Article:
Mainly Brilliance in Sudbin’s Tchaikovsky

CanadaCanada Mussorgsky, Tchaikovsky, Stravinsky and Ravel: Yevgeny Sudbin (piano), Vancouver Symphony Orchestra, Ryan McAdams (conductor), Orpheum Theatre, Vancouver, 21.3.2015 (GN)

Mussorgsky: Khovantchina: Introduction
Tchaikovsky: Piano Concerto No. 1 in B-flat minor, Op. 23
Stravinsky: Symphony in Three Movements
Ravel: Rhapsodie Espagnole


Yevgeny Sudbin is one of most distinguished young pianists of the current generation. Although he moved from St. Petersburg to Berlin at the age of ten and then to London at seventeen, graduating from the Royal Academy of Music, he remains a clear representative of a Russian tradition of imaginative, technically-astute pianists that includes such legendary artists as Andrei Gavrilov, Grigory Sokolov and, of course, Sviatoslav Richter. His dozen BIS recordings – from Scarlatti to Medtner –  have received the highest praise, as have his recent Beethoven collaborations with fellow BIS compatriot, Osmo Vänskä. Sudbin has previously made some splendid appearances in Vancouver, and this time he returned to play the ever-popular Tchaikovsky Piano Concerto No. 1 – not my first choice, but the concert was a sellout. The VSO was directed by another in the stream of young conductors on display this year, American Ryan McAdams, a Julliard graduate in 2006, who has recently begun to make a name for himself.

 I have always admired Sudbin’s pristine keyboard control. He has steel in his fingers and can explode with Horowitz-like bravura when needed, but what lies behind this is his quickness and subtle touch. Few pianists can change dynamics and projection so fluently, moving, for example, from a legato line to staccato and back again in a single phrase. When he is at peak form, the pianist’s little twists and accents can be an interpretative gold mine, unearthing an endless array of subtle detail and sentiment.

 Sudbin’s Tchaikovsky days are perhaps now slightly in the past (his recording was 2007), and while I could still see the outlines of a fine reading, the reality was that this performance was variable and less than fully committed. The pianist exhibited a commanding style in the opening movement, and there were many glistening and illuminating long lines. But there was also an unsettled quality, including technical glitches early on and phrases that seemed to be pushed forward all the time, leaving no room for repose. One could appreciate some of Sudbin’s unconventional turns of phrase as well as his moments of sheer finesse, but much of the movement tended to be hurled around in bravura style. This had the virtue of a seeming spontaneity but, frankly, I have rarely witnessed so much rubato. The best one can say is that we were introduced to an unusually rhapsodic view of this movement, physically powerful and exciting at points but emotionally diffuse.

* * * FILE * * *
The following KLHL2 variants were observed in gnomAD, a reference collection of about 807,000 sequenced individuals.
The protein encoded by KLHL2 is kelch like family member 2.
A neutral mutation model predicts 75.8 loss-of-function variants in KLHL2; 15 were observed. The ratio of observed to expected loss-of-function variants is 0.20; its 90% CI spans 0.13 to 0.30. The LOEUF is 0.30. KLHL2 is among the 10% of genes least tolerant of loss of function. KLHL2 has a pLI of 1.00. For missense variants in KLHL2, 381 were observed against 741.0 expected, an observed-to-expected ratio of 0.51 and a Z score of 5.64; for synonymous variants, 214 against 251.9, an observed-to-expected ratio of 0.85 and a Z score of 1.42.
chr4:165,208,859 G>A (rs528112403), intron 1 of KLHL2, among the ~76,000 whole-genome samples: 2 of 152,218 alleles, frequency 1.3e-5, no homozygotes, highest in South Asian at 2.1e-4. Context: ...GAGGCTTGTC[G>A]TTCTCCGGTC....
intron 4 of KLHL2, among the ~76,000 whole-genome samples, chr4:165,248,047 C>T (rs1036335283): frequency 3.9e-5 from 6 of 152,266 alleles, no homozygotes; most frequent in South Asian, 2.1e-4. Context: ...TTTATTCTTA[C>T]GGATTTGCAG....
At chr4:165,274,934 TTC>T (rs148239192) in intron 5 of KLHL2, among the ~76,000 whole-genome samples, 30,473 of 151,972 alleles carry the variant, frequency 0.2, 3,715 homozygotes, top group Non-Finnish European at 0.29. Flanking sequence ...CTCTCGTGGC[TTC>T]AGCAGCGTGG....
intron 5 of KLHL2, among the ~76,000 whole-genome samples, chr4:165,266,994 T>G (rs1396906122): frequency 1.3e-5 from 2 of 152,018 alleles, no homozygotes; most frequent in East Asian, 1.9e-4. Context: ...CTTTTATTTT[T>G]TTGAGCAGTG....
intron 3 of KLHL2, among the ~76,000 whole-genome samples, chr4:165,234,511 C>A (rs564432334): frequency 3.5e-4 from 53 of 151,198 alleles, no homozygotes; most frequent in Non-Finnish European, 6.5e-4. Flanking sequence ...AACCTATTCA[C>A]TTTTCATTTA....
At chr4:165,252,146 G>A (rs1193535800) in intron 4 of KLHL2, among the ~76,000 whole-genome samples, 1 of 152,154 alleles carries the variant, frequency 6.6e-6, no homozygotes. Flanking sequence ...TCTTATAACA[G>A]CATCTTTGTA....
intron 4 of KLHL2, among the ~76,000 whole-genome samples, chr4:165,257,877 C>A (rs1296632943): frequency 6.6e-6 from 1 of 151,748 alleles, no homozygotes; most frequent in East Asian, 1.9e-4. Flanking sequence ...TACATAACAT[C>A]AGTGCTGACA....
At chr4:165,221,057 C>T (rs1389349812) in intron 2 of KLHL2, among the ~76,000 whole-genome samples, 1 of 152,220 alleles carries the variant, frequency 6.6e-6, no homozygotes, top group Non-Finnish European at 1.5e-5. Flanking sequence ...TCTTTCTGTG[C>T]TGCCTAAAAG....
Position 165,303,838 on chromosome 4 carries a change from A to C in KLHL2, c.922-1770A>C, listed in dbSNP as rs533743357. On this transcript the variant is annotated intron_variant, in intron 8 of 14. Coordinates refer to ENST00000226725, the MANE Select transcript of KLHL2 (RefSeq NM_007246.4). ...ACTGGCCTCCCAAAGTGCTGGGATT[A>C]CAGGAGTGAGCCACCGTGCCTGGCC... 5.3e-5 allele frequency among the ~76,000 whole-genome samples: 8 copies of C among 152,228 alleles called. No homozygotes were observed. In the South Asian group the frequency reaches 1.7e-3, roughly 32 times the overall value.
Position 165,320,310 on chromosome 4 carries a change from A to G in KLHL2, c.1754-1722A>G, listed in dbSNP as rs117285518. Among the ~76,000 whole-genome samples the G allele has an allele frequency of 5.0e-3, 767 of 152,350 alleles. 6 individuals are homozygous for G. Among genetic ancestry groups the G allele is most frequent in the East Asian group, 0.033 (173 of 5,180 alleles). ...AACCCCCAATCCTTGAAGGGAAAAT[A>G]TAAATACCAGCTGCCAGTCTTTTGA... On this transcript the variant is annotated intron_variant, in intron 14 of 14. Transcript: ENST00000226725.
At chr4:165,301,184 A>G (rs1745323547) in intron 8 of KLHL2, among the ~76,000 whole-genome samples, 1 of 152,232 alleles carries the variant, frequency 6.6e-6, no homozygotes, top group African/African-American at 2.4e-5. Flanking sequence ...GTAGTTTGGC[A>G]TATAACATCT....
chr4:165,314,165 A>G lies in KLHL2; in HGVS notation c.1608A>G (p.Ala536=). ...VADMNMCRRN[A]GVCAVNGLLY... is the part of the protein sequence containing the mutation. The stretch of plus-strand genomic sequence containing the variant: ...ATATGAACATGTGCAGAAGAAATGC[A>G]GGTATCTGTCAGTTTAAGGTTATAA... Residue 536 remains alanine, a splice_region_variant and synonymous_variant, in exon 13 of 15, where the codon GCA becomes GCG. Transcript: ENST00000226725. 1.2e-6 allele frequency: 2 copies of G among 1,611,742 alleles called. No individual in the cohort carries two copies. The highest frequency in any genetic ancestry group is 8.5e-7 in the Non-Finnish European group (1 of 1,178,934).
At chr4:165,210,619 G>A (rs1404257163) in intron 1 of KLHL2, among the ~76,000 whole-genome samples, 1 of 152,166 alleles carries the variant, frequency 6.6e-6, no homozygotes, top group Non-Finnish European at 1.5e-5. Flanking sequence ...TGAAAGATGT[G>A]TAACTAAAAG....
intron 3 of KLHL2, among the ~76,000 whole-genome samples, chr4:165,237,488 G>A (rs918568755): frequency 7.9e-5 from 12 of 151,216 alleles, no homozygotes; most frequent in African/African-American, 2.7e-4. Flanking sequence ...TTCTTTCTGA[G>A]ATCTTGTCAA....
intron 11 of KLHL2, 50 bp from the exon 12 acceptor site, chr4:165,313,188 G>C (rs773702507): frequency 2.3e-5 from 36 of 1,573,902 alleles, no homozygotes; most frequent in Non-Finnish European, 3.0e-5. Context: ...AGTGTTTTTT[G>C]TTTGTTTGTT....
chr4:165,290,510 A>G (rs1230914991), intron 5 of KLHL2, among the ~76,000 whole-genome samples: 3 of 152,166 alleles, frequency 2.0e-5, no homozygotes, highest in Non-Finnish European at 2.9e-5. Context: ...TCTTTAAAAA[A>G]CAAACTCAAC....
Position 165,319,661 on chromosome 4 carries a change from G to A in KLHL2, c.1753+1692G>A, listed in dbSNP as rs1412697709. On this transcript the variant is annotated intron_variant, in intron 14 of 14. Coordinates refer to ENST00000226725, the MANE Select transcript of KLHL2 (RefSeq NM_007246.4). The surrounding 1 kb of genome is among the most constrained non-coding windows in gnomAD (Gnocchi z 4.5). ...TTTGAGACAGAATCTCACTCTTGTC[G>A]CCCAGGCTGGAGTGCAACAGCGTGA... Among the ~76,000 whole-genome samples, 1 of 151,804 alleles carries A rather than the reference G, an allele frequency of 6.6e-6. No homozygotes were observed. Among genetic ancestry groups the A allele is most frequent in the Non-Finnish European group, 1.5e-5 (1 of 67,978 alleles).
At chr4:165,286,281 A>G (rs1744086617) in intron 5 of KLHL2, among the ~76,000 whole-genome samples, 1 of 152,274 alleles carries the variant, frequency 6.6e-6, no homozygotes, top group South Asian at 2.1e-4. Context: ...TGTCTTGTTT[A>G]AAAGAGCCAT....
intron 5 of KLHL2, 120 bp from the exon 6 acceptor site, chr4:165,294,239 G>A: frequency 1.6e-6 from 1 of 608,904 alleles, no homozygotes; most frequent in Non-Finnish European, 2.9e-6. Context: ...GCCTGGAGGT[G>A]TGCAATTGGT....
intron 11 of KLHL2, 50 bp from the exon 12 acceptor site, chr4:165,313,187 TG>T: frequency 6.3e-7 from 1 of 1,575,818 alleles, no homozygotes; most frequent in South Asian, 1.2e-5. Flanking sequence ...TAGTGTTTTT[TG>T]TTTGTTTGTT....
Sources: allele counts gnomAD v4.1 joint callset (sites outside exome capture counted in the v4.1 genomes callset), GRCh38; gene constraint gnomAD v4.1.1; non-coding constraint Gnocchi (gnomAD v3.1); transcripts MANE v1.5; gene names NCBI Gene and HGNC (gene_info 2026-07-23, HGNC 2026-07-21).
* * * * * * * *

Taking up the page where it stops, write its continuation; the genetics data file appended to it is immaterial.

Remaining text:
The Andantino brought more reflection and more composure: moments of genuine beauty and elegance flowed out of Sudbin’s little flicks of a phrase and subtly contoured lines. Nonetheless, in the finale he again set out at a terrific pace, and though I often wondered how fingers could move that quickly, he seemed impatient and not fully engaged. For all the crowd-pleasing brilliance, my feeling was that Sudbin has perhaps played the Tchaikovsky one time too many. The orchestral contribution was conscientious but ended up as mainly dutiful, young Ryan McAdams clearly having his hands full just keeping up with the pianist’s gyrations.

 As observed in the concerto and in Mussorgsky’s Introduction to Khovantchina, Mr. McAdams can get a nice full sound out of the orchestra but tends towards a fairly smooth, relatively safe interpretation. At this point, I would say that he does not fully respond to the sharpness or directness of Russian expression. In the Mussorgsky, the opening hushed string tremolo was neither intense nor soft enough, and the wonderful cantabile theme that follows was a bit too glossy and generic. The absence of sharply-etched contours was even more of a liability in the Stravinsky, where an attempt to generate additional warmth and breadth simply slowed the work down and compromised its line. The execution needed to be tighter and more characterized –  in the pointed rhythms, and certainly in the winds and brass. The conductor was more at home in the sensual and radiant textures of Ravel’s Rhapsodie Espagnole, where he found considerable colour, a better sense of phrase and more strength overall.

 Geoffrey Newman


Previously published in slightly modified form on


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